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Help me plan my next steps after graduating with a degree in biology!
May 24, 2012 2:10 PM   Subscribe

Help me plan my next steps after graduating with a degree in biology!

I just recently graduated from a very small but academically challenging university and am not sure what my next step should be after graduation.

Since I was little I wanted to be a veterinarian, but despite pursuing many vet-related enrichment opportunities in high school and ungrad, I don't think I have a chance in hell of being accepted into vet school. While my cumulative GPA is not bad (3.3), it's not within the Mid-50% Range of 3.59-3.89 of students accepted into my vet school of choice. I haven't taken the GRE yet and plan to do it this summer, but I'm not sure how likely is it that I will score 560 verbal and 680 quantitative. I've pretty much given up hope that I will make it into vet school, and because of this, I've tried to pursue other areas that interest me.

After taking a course on microbiology this past semester, I've become really interested in virology. As someone who's always leaned more towards both the macro (animals!) and hands on side (field work!) of biology, I find myself suddenly fascinated by tiny life-forms and lab work. This radical shift happens to coincide with reading Richard Preston's "The Hot Zone" and "The Demon in the Freezer," both of which scared the crap out of me but have got me even more jazzed about infectious diseases and public health. I think that I'd like to pursue this area of study as a possible career, but I'm not even sure where to begin.

Because my interest in this field is quite new and I also just left university, I feel like the ship has left the harbor and I'm standing at the docks. I'm not sure how to break into this area as a college graduate with little to no experience, and my guess is that I will need to take few more classes before even applying to graduate school programs or jobs (my college was very small and therefore wasn't able to offer specific bio courses such as virology or epidemiology).

So what are some career options related to this? What extra education do I need to pursue? What schools have excellent programs in these areas? Do I even have a shot with my GPA and lack of any relatable experiences?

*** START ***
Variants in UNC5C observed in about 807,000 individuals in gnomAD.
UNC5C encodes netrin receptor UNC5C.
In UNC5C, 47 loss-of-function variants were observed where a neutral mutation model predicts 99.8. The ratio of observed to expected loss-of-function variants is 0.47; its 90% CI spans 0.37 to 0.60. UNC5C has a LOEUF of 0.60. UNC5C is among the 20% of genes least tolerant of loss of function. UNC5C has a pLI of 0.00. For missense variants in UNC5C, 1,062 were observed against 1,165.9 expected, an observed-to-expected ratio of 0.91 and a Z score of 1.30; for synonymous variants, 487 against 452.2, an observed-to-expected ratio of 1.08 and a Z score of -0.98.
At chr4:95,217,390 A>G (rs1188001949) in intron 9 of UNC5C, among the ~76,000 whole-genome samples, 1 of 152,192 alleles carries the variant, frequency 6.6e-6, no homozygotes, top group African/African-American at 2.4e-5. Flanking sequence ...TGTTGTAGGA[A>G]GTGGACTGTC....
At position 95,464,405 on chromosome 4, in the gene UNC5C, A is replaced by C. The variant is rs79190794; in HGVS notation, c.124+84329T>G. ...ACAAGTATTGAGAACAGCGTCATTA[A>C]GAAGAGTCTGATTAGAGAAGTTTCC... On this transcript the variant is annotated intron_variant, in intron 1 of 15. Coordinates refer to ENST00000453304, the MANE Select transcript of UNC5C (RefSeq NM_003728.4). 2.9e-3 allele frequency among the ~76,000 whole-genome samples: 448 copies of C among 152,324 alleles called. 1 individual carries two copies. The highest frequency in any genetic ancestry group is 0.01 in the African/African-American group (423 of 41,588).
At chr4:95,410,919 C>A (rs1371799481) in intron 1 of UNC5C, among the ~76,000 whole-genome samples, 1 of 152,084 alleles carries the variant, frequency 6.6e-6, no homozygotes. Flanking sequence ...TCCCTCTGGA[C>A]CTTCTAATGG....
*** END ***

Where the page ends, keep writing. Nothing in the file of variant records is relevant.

Any first-hand experiences are welcome!
posted by gumtree to Education (4 answers total) 3 users marked this as a favorite
 
Where are you? If you're in the US, you might want to check out the US Government jobs site. I've very thoughtfully put Virology into the search for you. That thing in Battle Creek looks interesting...

Applying for a federal govt job is a whole, weird thing, but I'll tell you, once you work for the feds, you've got it made!

CDC hires folks like you for entry level stuff. No matter what the job is, get your foot in the door! You can go from there.

VA, Dept of Ag, all kinds of stuff.
posted by Ruthless Bunny at 2:19 PM on May 24, 2012


Do you need to get a well paying job or can you do something that pays not particularly well? Do you have a prof who has friends/colleagues/a lab? Your best bet is to chat with your micro prof about volunteering/jobs. Best case scenario, they are looking for someone right now to do some basic work and will hire you, or they know someone who is. Worst case scenario, they will let you volunteer in the lab to get some experience or can put you in contact with someone at another school who has a lab*.

I doubt USA Jobs would have anything for you but check them out. You don't have much/any lab experience, right? You will competing with undergrads who have been working in labs for years and might even have publications. Or you'll be competing with MScs and maybe even PhDs (the employment situation is weird these days). You'll probably have to start looking at grad school.

To figure out where you want to go, start reading some articles! See who is publishing on topics that interest you. Email them (this is super hard and I admit I've never done it cold but I know others who have).

*I'm assuming you're in a town with more than one university. If not, you'll likely have to move (welcome to being in academics!)
posted by hydrobatidae at 4:24 PM on May 24, 2012


This might be tough without having prior lab experience, but I would look at applying for lab positions at universities / colleges. There are generally a fair number of entry level positions for people doing routine lab work, and this would get you exposed to the much larger world of academic research and science. Without previous lab experience you might have to look to volunteer for a bit to get your foot in the door, but if you're a quick learner and eager you'll probably be able to find a paid position after a bit.

With respect to the top infectious disease / public health schools, I don't know for sure, but I would look at big medical schools - UC San Francisco, Harvard Medical School, UT Southwestern, Baylor College of Medicine, etc. I know people who have gotten their MPH at UC Berkeley.
posted by pombe at 5:13 PM on May 24, 2012


If you have the financial security to, you might rooting through your schools departmental websites for primary investigators you might be interested in volunteering for.
posted by Blasdelb at 5:36 PM on May 24, 2012


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